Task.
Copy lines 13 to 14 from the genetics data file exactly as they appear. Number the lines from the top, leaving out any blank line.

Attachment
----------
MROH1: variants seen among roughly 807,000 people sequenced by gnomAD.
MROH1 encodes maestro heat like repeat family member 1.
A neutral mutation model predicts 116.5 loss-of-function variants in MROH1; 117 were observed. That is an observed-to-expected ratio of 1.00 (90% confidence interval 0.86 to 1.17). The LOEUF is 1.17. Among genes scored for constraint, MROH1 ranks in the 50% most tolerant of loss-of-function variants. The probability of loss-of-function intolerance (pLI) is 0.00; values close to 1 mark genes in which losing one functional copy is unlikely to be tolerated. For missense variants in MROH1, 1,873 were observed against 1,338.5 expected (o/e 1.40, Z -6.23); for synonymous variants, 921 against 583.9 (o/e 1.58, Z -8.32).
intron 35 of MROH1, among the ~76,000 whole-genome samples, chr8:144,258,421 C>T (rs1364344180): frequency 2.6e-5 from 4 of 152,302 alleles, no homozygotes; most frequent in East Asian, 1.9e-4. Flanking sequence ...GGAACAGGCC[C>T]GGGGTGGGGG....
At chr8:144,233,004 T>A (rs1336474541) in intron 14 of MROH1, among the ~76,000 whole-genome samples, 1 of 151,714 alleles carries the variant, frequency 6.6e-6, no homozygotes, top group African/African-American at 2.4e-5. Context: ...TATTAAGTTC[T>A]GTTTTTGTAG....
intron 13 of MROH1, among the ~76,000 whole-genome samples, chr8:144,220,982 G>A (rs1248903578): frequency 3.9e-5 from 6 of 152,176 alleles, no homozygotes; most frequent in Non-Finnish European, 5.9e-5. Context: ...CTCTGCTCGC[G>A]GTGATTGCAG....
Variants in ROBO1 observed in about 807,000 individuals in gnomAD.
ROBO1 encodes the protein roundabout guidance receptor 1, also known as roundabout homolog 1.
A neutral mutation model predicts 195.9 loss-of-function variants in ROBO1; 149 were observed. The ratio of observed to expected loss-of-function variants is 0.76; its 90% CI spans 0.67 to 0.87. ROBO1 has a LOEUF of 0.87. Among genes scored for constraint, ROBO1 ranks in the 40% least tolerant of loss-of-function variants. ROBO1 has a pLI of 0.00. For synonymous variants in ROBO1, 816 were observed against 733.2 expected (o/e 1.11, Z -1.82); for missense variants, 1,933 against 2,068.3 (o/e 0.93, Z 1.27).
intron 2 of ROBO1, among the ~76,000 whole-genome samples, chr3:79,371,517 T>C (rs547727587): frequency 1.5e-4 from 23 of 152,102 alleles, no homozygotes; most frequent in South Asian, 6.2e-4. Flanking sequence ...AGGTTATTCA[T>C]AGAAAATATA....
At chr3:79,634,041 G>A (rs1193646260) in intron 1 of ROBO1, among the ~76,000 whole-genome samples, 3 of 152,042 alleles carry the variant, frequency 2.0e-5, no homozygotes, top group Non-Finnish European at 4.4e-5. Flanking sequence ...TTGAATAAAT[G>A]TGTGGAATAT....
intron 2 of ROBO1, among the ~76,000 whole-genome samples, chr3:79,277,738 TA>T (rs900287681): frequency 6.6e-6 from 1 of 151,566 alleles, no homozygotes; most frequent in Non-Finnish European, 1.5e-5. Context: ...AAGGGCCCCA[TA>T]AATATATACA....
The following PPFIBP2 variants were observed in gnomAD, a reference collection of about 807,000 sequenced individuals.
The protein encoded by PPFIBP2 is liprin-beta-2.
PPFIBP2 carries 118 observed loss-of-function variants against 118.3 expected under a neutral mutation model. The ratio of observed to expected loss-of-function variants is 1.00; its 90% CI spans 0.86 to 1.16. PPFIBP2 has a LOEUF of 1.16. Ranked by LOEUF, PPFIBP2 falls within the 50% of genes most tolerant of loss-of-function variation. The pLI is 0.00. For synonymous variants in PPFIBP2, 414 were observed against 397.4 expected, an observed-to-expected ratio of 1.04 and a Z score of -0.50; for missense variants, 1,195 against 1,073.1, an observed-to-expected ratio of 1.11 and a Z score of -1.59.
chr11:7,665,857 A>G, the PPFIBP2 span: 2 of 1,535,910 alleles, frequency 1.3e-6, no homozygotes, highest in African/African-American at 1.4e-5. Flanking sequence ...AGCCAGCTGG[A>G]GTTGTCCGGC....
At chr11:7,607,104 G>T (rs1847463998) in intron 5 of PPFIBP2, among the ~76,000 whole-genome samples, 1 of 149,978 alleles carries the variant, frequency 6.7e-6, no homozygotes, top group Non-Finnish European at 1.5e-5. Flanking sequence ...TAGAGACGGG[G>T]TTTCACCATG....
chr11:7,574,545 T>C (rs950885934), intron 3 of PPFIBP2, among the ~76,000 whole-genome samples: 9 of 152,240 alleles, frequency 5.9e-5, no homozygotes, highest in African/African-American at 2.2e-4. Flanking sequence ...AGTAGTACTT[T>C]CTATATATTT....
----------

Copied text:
The following PPFIBP2 variants were observed in gnomAD, a reference collection of about 807,000 sequenced individuals.
The protein encoded by PPFIBP2 is liprin-beta-2.